What’s it like to have tens of thousands of roommates?

How would you feel if, for the rest of your life, you were forced to live in a warehouse packed with so many people that you could barely even stretch your arms and legs? As each day passes, you all grow bigger and bigger at a staggering rate, making it more and more difficult to move around and exercise. There’s no sewage system, so the floor becomes covered in faeces and urine at an alarming rate, the stench of which burns your eyes and throat. You’re in constant pain and your heart and lungs feel as if they will fail you any minute now. You dream of escaping from this horror, but sadly, the only glimpse of freedom you’ll ever get will be on your way to the slaughterhouse…

Fortunately, you probably won’t even experience nightmares this terrifying. But tragically, around 90% of chickens raised in the UK’s meat industry are forced to face these horrendous conditions for the entirety of their short, miserable lives.

No room to move

Nowadays, on conventional farms, chickens raised for their meat are crammed by the tens of thousands in giant, dimly lit sheds. This extreme overcrowding results in each chicken having as little space as a piece of A4 paper. This shocking lack of space leads to numerous significant welfare issues by limiting the chickens’ ability to move around freely and carry out even the most basic, natural behaviours, such as spreading their wings, perching and dustbathing. Overcrowding also makes it nearly impossible to maintain healthy air and litter quality, forcing the birds to constantly inhale ammonia while spending most of their time lying in their own faeces, causing painful, red-raw burns on their feet, legs and breasts. Living in these appalling conditions and having their typical behaviours suppressed can also take a significant toll on the animals mentally, often leading to unnatural behaviours being displayed, such as pecking between birds and sometimes even cannibalism.

Image taken during our undercover investigation into Ladywath Farm, which is operated by Moy Park, one of the UK’s largest poultry producers.

Breeding ground for viruses

In a recent interview, Dr Michael Greger, author of the book ‘How to Survive a Pandemic’, called on the UK government to ban factory farming, stating that ‘If you want to create catastrophic pandemics, then build factory farms. When you cram thousands of chronically stressed animals into crowded, filthy, indoor facilities, you create a cocktail for a deadly virus’. With the farming and consumption of animals having been linked to the spread of viruses such as SARS, Ebola, bird flu, swine flu and COVID-19, it is now more vital than ever for companies and consumers to take steps to mitigate the risk of future virus outbreaks.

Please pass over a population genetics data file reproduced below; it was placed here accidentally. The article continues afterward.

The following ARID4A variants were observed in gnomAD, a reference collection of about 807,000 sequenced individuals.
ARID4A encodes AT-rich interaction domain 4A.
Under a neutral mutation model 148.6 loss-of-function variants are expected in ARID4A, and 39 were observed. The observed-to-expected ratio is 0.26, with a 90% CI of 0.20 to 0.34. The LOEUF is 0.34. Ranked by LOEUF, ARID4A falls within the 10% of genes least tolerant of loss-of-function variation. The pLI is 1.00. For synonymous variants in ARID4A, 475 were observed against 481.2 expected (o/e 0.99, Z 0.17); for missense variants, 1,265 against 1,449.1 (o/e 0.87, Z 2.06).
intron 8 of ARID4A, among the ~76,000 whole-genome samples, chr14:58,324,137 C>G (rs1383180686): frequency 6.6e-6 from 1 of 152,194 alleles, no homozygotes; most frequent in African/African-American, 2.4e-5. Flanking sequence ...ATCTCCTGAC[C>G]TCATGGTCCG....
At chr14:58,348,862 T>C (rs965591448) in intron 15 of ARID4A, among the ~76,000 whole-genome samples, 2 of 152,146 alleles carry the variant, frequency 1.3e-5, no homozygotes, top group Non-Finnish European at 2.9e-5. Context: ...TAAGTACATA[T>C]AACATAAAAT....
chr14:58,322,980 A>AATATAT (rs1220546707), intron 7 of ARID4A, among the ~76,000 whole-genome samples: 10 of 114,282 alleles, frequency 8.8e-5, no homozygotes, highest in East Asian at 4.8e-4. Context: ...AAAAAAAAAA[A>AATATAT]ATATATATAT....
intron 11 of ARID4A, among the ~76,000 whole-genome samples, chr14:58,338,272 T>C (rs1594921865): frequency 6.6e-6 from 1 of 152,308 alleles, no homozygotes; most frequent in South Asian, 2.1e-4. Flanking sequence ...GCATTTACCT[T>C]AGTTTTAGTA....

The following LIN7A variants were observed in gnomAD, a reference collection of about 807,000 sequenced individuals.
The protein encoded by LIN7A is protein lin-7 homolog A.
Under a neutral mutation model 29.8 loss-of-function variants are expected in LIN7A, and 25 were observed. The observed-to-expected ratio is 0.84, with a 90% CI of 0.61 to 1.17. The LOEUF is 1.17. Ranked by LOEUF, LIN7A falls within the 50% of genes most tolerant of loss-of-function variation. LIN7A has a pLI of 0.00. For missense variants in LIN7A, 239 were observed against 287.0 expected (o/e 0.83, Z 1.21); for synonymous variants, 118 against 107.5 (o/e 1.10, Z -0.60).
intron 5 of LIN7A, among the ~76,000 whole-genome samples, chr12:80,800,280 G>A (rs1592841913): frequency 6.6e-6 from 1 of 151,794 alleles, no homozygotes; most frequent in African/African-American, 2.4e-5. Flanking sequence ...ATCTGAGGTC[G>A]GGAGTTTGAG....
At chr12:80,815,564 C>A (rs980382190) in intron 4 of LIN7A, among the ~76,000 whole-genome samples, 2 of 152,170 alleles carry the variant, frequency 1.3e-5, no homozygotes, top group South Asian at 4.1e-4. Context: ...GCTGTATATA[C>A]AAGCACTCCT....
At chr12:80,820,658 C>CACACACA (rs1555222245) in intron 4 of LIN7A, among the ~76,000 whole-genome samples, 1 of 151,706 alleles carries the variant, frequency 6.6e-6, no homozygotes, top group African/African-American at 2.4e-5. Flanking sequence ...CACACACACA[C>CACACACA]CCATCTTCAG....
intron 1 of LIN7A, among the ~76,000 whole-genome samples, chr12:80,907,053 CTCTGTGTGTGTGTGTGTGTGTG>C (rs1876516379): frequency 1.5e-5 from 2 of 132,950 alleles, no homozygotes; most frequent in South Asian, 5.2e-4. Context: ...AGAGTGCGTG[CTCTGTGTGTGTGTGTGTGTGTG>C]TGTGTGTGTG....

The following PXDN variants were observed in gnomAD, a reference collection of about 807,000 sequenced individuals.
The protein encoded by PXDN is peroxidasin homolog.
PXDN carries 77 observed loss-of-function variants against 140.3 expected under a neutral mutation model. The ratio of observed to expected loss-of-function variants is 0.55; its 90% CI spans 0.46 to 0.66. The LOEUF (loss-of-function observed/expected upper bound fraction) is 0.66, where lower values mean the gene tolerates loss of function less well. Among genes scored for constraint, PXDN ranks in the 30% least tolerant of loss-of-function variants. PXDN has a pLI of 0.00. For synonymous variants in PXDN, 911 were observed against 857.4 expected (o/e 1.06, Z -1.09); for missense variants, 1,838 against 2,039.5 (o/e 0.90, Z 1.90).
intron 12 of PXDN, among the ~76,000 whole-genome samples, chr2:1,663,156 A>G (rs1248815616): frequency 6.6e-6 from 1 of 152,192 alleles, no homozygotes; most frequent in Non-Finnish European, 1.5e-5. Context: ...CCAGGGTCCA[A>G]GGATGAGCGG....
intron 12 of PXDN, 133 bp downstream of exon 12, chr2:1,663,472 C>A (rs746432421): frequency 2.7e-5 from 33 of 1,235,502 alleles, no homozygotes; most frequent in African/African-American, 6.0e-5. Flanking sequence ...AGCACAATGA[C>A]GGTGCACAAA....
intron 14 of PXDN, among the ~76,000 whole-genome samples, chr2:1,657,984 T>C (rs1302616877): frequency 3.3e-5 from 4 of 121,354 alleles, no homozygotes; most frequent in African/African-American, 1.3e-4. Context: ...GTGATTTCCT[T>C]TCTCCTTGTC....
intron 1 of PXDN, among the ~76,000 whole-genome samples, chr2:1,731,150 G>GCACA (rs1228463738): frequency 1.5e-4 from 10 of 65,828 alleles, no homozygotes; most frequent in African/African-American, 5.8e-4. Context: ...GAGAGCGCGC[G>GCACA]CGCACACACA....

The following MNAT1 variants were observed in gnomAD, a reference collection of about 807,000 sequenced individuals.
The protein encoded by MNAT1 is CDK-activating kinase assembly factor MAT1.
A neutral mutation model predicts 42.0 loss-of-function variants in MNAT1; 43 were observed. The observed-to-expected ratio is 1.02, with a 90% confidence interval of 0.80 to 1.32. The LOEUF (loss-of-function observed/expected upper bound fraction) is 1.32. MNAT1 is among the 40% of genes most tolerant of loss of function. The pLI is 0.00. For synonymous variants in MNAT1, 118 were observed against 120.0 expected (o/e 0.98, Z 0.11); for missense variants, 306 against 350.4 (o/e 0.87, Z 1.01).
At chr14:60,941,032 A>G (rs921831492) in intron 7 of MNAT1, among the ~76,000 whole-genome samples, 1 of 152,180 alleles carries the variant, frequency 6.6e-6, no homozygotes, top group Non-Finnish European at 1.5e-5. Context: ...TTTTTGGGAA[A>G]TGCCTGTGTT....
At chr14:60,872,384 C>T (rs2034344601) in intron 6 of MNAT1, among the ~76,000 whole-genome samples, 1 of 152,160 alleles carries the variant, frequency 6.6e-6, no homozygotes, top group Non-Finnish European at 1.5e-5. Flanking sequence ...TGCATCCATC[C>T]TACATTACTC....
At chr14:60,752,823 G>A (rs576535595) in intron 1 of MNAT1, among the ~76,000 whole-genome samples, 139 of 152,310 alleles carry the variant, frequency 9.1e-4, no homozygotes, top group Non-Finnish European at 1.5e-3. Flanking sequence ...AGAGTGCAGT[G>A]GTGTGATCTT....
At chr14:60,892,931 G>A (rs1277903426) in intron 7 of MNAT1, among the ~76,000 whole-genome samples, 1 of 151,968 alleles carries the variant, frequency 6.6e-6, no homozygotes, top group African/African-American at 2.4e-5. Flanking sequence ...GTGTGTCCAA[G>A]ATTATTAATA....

How we’re fighting back

Animal Equality’s vision is a world in which all animals are respected and protected, where they are free and not farmed. As we take steps towards achieving this, we will continue to work tirelessly to ensure progress is made for the animals still trapped in the farming system. For example, we are currently working with a coalition of organisations to eliminate some of the worst abuses from the chicken meat industry, such as severe overcrowding, by urging companies to adopt a robust set of welfare standards known as the Better Chicken Commitment. This policy has already been adopted by over 100 companies in Europe alone, including KFC, Papa John’s and Waitrose.

What you can do to help

Opt for plant-based alternatives instead of meat. By leaving meat off your plate, you can potentially save hundreds of animals each year from the horrors of factory farming, including sparing chickens from enduring the torment caused by overcrowding. Download our free e-cookbook for some delicious cruelty-free recipes!

Become an Animal Protector and take quick, easy, online actions that will have a huge impact on the lives of farmed animals.

Join us and thousands of other signatories, in urging McDonald’s to adopt the Better Chicken Commitment by signing our petition at McChickenCruelty.co.uk.

Share this blog post on social media to raise awareness of the plight of factory-farmed chickens.